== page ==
Phillipp Dunn

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PRINTS

A
Indexed by Artist
 
A B C D E F G H I J K L M N O P Q R S T U V W X Y Z
All Prints are on A4 size 210mm x 297mm (8 5/16 inches x 11 11/16 inches)
They are printed on at least 250 gsm matt paper
Priced at A$10 each plus postage

 

J.Matania

The Famous "Midnight Ball" at the Savoy

This fine art print, measures 430mm x 300mm overall.

Matania was one of the most accomplished realistic illustrators and artists of his time,
and possibly best know for his work during the First World War when he worked for the Illustrated London News, the Sphere, as well as the British Government.

Italian by birth, he worked as an illustrator for newsmagazines worldwide,
but settled in London. In 1914 he became a war artist and visited the
front several times which allowed which allowed him to view wartime
conditions at first hand, and talk with soldiers about their experiences.

 Rich in detail and carefully composed, his stirring paintings often
depicted heroic or romantic scenes.

 This picture was commission by the world renown Savoy Hotel in London, and appeared in the Savoy  annual magazine "London’s Social Calendar".

The figure detail is exquisite, with the faces being recognizable portraits
of real personages attending the ball, which was a highlight of the London Social Scene.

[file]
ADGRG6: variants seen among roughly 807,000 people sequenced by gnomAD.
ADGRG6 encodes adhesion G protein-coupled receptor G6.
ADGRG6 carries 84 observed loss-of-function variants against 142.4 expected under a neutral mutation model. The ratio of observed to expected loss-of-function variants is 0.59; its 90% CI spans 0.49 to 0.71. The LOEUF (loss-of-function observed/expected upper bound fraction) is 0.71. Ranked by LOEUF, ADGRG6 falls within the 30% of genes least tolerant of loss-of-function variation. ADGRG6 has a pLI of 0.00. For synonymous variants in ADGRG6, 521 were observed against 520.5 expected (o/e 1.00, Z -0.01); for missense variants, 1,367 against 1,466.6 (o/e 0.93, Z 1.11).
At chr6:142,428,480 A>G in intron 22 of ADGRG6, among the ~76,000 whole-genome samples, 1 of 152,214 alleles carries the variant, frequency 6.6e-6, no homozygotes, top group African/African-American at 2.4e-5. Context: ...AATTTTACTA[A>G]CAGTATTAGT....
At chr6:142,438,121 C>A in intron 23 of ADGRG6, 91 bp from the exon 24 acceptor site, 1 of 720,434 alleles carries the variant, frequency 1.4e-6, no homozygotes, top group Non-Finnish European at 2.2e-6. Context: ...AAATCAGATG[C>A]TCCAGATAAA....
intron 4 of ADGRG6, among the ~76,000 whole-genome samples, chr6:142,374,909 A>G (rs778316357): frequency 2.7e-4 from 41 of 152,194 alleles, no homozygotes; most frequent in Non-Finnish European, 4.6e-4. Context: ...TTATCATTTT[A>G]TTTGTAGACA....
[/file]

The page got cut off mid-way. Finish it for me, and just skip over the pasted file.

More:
$55
Express postage within Australia $10

Click on Picture to enlarge
The enlargement is only a low resolution sample picture

From Time Magazine
Monday, Sep. 24, 1951

Classical Pin-Ups

 

Fortunino Matania, 70, thinks every picture should have a woman in it. In his London studio last week he pointed scornfully to the picture on his easel, a group of staid 18th Century English gentlemen in periwigs and ruffles. "Imagine!" said Artist Matania. "They ask me, me of all people, to paint a picture without women. Such sacrilege! Such a crazy world we live in!"

A whole generation of Britons would agree with Matania that the picture, commissioned by a Scottish firm "for a calendar or something," was a shocking waste of talent. Matania's place in 20th Century British art may not be high, but it is reasonably secure: nobody in his day drew pretty, scantily draped girls more to the British fancy.

High Life. Fortunino Matania came to Britain at the end of the Victorian era, when he was 19. The son of an Italian illustrator, he was trained to magazine work and covered the kinds of auspicious occasions now assigned to photographers. His first big job for a British journal was the coronation of Edward VII. "Rapidity and accuracy, that was what mattered," says Matania. He had both, and British editors kept him hopping for the next 25 years. In World War I, he spent four years in the trenches, sent out thousands of drawings that established him as one of the world's best news artists.